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This book examines the topical sphere of governmental liability in damages arguing that that there has been an important shift in the traditional English law approach as illustrated in a series of recent House of Lords decisions. A detailed analysis is made of the torts applying to publicbodies, including negligence, misfeasance in public office, nuisance and breach of statutory duty, as well as the influence of European human rights law and community law, with discussion of the availability of damages under the Human Rights Act 1998 and the impact of the controversial decision ofthe European Court of Human Rights in Osman v UK and the subsequent retreat in Z v UK. The discussion of state liability is also placed within the context of the evolving attitude of the courts to public law remedies, with a detailed reconsideration of the relationship between ultra vires andliability in damages. From a comparative law perspective, it is argued that contrary to orthodox doctrinal opinion there are many similarities in the English and French law of administrative liability, with parallels in the treatment of different types of loss, causation, finding of fault, andunderlying policy concerns. The author discusses the direction in which English law might now move, as well as analysing less orthodox sources of compensation such as the practice of the ombudsmen and statutory funds including the new French medical negligence compensation scheme.
Vicarious liability is controversial: a principle of strict liability in an area dominated by fault-based liability. By making an innocent party pay compensation for the torts of another, it can also appear unjust. Yet it is a principle found in all Western legal systems, be they civil law or common law. Despite uncertainty as to its justifications, it is accepted as necessary. In our modern global economy, we are unlikely to understand its meaning and rationale through study of one legal system alone. Using her considerable experience as a comparative tort lawyer, Paula Giliker examines the principle of vicarious liability (or, to a civil lawyer, liability for the acts of others) in England and Wales, Australia, Canada, France and Germany, and with reference to legal systems in countries such as the United States, New Zealand and Spain.
This comparative analysis considers the differing approaches to important areas of law in England, France and Germany. In particular, constitutions, sources of law, rights against the state to prevent abuse of power, and rights of private individuals and organisations against each other in tort and contract are examined and compared, and the system of courts is also considered. Updated and revised, each sub-topic is introduced with the relevant material in the English system, allowing easy comparison and assimilation of the other systems. The text includes translations of relevant French and German codal material, and references to relevant cases from all of the jurisdictions. This new edition includes constitutional changes in France and the United Kingdom, in particular the new procedure for challenging existing legislation before the Conseil constitutionnel. It examines the consequences of the Lisbon Treaty, as well as other recent codal and legislative changes. Comprehensive and topical, the text explores a wide variety of new case law on issues such as: preventive detention; the use of evidence obtained by torture; the balance between suppression of terrorism and personal freedom; the internet; email monitoring; artificial reproductive techniques; use of global positioning systems (GPSs), deoxyribonucleic acid (DNA) and closed-circuit television (CCTV); the wearing of religious clothing (such as the headscarf) and symbols (such as the cross); circumcision; methods of crowd control; the prevention of human trafficking; the preservation of privacy, especially for celebrities; and the legality of pre-nuptial agreements and success fees for lawyers. Designed for students on comparative law courses, this textbook will also prove valuable to students who are familiar with English law, but require a readily comprehensible introduction to French or German law.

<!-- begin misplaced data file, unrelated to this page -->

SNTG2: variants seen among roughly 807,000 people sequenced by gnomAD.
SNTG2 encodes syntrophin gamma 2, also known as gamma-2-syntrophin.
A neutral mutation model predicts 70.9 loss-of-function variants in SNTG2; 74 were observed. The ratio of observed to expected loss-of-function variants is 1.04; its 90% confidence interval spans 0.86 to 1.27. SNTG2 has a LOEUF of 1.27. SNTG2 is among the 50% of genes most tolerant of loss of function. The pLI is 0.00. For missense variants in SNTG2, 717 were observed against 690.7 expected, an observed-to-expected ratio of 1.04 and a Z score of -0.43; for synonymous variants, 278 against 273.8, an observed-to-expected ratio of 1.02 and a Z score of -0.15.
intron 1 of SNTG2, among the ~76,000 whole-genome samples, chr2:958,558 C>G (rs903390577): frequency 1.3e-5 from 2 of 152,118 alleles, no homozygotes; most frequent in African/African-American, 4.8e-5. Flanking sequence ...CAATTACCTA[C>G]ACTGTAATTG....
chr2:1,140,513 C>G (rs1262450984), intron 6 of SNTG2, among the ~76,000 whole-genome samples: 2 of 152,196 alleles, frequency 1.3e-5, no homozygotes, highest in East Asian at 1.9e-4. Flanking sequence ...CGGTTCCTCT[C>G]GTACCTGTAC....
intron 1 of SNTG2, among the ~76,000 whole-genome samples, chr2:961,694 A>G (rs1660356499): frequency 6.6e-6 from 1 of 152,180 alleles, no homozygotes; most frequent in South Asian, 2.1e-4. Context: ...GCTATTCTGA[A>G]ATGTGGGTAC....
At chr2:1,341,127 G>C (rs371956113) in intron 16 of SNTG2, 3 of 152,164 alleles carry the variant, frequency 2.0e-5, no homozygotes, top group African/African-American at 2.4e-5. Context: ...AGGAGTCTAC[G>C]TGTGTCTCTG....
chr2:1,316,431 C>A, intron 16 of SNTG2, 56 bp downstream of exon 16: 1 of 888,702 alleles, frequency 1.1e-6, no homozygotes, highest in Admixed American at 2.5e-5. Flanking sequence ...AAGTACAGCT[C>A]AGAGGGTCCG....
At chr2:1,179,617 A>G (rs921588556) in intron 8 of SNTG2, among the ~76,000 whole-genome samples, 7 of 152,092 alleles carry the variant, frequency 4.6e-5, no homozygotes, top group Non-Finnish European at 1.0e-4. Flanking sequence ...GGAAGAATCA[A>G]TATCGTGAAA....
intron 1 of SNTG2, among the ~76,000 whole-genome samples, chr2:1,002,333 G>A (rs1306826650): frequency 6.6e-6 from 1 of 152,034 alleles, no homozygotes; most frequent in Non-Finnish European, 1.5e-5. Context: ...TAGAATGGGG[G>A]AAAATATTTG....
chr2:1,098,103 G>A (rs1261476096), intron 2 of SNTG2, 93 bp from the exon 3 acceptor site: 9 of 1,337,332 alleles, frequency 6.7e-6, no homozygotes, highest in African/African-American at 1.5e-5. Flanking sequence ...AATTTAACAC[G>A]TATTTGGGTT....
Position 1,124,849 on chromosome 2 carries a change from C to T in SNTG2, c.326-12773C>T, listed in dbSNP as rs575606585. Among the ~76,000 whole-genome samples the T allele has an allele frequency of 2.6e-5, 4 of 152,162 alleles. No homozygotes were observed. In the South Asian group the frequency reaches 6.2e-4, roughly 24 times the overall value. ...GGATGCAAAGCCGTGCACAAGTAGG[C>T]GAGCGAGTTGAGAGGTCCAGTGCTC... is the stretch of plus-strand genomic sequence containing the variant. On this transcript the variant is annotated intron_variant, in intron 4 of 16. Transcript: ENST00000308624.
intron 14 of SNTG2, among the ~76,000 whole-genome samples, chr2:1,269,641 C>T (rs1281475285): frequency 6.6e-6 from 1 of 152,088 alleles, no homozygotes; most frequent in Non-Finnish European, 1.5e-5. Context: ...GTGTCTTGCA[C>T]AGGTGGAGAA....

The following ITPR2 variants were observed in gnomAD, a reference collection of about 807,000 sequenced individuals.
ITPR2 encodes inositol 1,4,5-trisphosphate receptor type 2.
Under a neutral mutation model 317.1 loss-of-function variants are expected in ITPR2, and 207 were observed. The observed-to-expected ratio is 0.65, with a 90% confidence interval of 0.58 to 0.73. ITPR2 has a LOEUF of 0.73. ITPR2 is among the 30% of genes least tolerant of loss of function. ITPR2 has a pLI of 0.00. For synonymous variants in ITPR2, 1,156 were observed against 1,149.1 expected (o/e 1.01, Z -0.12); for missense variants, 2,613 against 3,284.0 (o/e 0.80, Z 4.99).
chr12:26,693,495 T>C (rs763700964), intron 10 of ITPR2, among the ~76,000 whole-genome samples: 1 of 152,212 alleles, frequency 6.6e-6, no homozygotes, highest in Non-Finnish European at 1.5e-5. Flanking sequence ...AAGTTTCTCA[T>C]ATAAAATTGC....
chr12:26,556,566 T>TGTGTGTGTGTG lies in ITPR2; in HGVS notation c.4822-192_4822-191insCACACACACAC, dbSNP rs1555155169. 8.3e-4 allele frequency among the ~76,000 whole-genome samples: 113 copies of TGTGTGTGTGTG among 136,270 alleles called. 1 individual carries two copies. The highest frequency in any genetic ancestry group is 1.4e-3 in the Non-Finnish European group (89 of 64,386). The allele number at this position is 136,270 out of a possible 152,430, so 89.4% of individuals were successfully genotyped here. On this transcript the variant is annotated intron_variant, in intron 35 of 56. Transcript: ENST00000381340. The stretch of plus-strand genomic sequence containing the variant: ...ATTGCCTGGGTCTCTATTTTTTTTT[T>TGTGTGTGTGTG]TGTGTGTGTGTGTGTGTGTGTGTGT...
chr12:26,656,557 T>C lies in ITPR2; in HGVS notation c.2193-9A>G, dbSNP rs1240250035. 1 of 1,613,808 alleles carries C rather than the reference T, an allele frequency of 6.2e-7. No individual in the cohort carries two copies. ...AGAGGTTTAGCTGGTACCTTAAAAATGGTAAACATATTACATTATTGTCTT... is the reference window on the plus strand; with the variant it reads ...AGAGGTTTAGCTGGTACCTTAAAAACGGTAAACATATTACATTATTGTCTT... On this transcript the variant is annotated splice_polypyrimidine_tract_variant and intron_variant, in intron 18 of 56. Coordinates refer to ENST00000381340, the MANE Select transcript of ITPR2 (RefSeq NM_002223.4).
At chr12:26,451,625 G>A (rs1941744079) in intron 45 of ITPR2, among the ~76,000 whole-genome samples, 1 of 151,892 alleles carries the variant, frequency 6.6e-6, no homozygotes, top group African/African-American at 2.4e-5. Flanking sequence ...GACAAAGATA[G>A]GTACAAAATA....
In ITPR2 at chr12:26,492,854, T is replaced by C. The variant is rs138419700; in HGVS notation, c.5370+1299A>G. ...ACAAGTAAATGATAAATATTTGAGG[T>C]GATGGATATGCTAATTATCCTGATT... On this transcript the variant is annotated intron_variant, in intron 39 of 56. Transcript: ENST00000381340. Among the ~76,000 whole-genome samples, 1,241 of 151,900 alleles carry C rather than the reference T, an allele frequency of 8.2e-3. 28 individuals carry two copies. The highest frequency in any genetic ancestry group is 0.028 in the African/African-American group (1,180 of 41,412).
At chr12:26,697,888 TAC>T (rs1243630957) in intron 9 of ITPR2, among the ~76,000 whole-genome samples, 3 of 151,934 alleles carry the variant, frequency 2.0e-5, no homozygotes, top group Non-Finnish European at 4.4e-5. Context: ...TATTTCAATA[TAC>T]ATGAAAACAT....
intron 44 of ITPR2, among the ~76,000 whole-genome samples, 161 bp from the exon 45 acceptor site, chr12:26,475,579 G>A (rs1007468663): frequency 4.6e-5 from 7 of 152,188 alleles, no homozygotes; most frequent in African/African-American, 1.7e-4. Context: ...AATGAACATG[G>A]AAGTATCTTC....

Today there are more than 2,500 bilateral investment treaties (BITs) around the world. Most of these investment protection treaties offer foreign investors a direct cause of action to claim damages against host-states before international arbitral tribunals. This procedure, together with the requirement of compensation in indirect expropriations and the fair and equitable treatment standard, have transformed the way we think about state liability in international law. We live in the BIT generation, a world where BITs define the scope and conditions according to which states are economically accountable for the consequences of regulatory change and administrative action. Investment arbitration in the BIT generation carries new functions which pose unprecedented normative challenges, such as the arbitral bodies established to resolve investor/state disputes defining the relationship between property rights and the public interest. They also review state action for arbitrariness, and define the proper tests under which that review should proceed. State Liability in Investment Treaty Arbitration is an interdisciplinary work, aimed at academics and practitioners, which focuses on five key dimensions of BIT arbitration. First, it analyses the past practice of state responsibility for injuries to aliens, placing the BIT generation in historical perspective. Second, it develops a descriptive law-and-economics model that explains the proliferation of BITs, and why they are all worded so similarly. Third, it addresses the legitimacy deficits of this new form of dispute settlement, weighing its potential advantages and democratic shortfalls. Fourth, it gives a comparative overview of the universal tension between property rights and the public interest, and the problems and challenges associated with liability grounded in illegal and arbitrary state action. Finally, it presents a detailed legal study of the current state of BIT jurisprudence regarding indirect expropriations and the fair and equitable treatment clause.